When Things Go Wrong

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Rescission … contract reformation … specific performance … declaratory judgment …  injunction … fraud … slander of title.  What do these terms have in common?  Answer:  one heck of a lawsuit.  In Executive Excellence v. Martin Bros. Invs., LLC, 11 FCDR 1152 (4/15/11), all these issues and more were fought over and appealed to the Georgia Court of Appeals.

The case involved the sale of two parcels of property owned by Executive Excellence, LLC, Executive Excellence LLC’s principal owner, Richard R. Fritts, and Sterling Trust Company (collectively “sellers”).  In December 2006, the sellers agreed to sell two tracts of land to Sund Enteprises.  Sund Enterprises assigned its purchase rights to Southern Tradition Investments, LLC and Martin Brothers Investments, LLC (collectively “buyers”).  Each agreement contained a zoning contingency, entitling buyers and sellers to rescind the contract if zoning approval hadn’t been completed by April 1, 2007.

Ultimately the county didn’t schedule zoning approval meetings until April 2 and April 26, 2007, which was after the deadline in the agreements.  Thus, on March 28, 2007, buyers notified sellers they were unilaterally removing the zoning contingency from the agreements.  That didn’t go over well with the sellers, who responded by formally rescinding the agreements.

A lawsuit was filed in which the buyers sought contract reformation based upon a scrivener’s error.  Buyers asserted that the parties intended the zoning contingency deadline to be June 1, 2007, rather than April 1, 2007.  Buyers also sought an injunction, declaratory judgment, specific performance, fraud, and attorneys’ fees.  Sellers filed a counterclaim for slander of title and attorney fees.

Sellers filed a motion for summary judgment, which apparently caused buyers to dismiss their claims.  But that did not end the litigation because sellers still had claims for slander of title and attorney fees.

Sellers complained their title was maliciously impugned because buyers filed a lis pendens but failed to cancel it after buyers had dimsissed their claims.  Further, sellers claimed that buyers made verbal statements to third-parties about the property that weren’t true.  The buyers filed summary judgment on the slander of title claim, which was granted by the trial court.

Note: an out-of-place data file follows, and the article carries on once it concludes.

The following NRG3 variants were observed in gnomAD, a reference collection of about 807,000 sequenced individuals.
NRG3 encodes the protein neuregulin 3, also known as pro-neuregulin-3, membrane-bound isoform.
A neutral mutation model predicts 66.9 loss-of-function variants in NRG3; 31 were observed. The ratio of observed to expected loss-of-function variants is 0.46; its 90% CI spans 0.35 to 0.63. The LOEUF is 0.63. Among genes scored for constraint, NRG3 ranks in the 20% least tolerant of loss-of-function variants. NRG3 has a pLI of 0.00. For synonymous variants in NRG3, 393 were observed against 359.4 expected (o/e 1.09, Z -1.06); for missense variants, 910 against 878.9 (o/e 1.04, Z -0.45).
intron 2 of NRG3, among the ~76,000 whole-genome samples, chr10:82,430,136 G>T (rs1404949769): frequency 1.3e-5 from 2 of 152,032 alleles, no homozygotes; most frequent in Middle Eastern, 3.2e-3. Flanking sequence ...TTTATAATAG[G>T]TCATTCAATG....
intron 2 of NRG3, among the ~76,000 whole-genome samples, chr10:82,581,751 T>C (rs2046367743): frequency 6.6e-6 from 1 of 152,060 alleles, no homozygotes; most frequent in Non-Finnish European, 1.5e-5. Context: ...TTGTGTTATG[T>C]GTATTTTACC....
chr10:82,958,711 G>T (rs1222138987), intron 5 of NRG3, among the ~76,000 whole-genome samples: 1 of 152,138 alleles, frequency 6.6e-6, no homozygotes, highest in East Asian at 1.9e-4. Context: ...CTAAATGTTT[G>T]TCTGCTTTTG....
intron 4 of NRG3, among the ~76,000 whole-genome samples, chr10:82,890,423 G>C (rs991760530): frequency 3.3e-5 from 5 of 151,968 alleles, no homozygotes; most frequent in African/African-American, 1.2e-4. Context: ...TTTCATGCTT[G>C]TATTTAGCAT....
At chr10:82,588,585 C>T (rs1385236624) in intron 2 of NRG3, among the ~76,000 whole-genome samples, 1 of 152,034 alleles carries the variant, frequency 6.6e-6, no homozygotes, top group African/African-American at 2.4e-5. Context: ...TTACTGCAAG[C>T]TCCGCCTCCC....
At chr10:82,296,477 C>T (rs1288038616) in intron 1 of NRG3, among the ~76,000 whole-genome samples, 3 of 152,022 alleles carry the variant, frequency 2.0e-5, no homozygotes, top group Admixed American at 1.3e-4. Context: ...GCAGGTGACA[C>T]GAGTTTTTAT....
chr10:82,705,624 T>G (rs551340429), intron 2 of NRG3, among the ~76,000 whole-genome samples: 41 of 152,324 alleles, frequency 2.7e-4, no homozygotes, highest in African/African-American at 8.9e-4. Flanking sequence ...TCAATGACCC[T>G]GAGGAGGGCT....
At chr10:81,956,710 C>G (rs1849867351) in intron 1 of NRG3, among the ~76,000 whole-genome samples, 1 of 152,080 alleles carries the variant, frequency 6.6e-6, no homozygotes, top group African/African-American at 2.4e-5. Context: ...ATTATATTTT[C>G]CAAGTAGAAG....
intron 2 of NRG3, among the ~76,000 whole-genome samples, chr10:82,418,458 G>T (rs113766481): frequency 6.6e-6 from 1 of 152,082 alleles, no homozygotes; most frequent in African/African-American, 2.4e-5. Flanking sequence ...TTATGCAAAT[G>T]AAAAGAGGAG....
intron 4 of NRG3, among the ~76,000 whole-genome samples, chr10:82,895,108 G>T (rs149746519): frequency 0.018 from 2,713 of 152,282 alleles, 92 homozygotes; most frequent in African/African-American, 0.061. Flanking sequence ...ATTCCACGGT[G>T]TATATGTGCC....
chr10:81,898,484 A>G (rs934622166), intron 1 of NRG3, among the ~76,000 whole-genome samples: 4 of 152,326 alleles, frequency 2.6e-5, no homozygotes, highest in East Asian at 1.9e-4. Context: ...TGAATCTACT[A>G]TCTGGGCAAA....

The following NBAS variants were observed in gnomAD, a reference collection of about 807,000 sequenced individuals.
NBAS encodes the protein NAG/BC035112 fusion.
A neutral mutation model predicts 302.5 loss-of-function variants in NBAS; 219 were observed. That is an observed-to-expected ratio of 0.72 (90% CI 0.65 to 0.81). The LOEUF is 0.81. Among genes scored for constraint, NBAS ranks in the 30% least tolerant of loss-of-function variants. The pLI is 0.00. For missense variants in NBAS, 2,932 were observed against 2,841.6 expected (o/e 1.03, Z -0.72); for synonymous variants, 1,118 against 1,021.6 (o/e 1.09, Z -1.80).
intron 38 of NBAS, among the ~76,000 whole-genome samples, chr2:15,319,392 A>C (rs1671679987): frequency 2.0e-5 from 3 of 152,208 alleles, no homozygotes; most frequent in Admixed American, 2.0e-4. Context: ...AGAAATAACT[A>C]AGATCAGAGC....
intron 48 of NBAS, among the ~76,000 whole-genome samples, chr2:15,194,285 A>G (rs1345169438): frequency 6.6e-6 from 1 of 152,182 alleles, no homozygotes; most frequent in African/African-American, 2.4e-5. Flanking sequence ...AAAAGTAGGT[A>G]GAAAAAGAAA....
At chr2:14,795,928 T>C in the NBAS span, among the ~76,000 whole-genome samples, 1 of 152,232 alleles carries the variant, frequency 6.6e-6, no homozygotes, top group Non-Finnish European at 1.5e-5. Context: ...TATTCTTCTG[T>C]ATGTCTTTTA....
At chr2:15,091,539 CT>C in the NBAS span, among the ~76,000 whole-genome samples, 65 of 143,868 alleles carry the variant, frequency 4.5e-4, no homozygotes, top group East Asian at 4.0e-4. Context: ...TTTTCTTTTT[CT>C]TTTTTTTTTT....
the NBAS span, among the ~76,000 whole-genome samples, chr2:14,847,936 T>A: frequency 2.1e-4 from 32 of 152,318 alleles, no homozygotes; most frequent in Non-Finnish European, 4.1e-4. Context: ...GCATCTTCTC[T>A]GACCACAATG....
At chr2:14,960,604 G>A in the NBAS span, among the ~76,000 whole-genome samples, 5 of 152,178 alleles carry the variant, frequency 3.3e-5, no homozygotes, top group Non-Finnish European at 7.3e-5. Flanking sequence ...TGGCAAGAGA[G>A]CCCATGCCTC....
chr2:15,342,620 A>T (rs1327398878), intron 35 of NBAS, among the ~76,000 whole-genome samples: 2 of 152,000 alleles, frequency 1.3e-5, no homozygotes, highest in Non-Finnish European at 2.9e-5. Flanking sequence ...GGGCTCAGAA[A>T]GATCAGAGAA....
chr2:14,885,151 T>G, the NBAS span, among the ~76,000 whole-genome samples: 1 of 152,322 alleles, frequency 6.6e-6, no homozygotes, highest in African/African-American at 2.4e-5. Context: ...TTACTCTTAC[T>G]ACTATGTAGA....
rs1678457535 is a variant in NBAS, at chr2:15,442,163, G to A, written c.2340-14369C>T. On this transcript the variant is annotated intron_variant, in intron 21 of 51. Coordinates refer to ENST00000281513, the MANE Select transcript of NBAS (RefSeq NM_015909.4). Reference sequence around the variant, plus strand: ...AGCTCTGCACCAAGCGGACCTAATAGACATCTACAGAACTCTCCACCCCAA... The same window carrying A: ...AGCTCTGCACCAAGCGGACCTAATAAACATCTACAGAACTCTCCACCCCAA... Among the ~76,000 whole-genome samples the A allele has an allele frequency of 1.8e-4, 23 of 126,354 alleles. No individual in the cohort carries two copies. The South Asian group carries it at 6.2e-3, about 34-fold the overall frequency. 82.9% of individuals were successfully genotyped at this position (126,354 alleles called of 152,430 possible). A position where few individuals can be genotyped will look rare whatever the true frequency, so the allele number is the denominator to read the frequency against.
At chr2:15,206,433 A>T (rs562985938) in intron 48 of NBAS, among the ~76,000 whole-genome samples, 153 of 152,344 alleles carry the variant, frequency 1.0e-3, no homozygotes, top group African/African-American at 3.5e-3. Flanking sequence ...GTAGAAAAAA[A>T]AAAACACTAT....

In analyzing slander of title, the Court of Appeals reiterated the criteria to recover under slander of title: (1) publication of slanderous statements, (2) false and malicious statements, (3) that the plaintiff sustained special damages, and (4) that the plaintiff possessed an estate in the subject property.  OCGA Sec. 51-9-11.

With regard to the lis pendens (a lis pendens is a notice to the public that a lawsuit had been filed in connection with real estate), the Court of Appeals ruled that lis pendens were privileged under OCGA Sec. 51-5-8, and, by definition, could not be be the basis of a slander of title claim.  Regarding whether sellers were liable because they failed to timely cancel the lis pendens after dismissing their claims, the Court explained that a lis pendens notice remains in effect until a final judgment has been entered and the time for appeal has expired.  OCGA Sec. 44-14-612 states that it is the clerk of court’s responsibility, not a plaintiff’s, for  marking the lis pendens with the final disposition of the case.  In this case, the buyers didn’t have any responsibility for cancelling the lis pendens, and therefore couldn’t be liable for slander of title for not timely cancelling the lis pendens.

With regard to the alleged slanderous remarks to third parties, the Court determined that these statements were not actionable because the statements were either substantially true or “were nothing more ‘than subjective, hyperbolic opinion that cannot be proved to be true or false[.]'”  Citing Evans v. The Sanderville Georgian, 296 Ga. App. 666, 669, 675 SE2d. 574 (2009).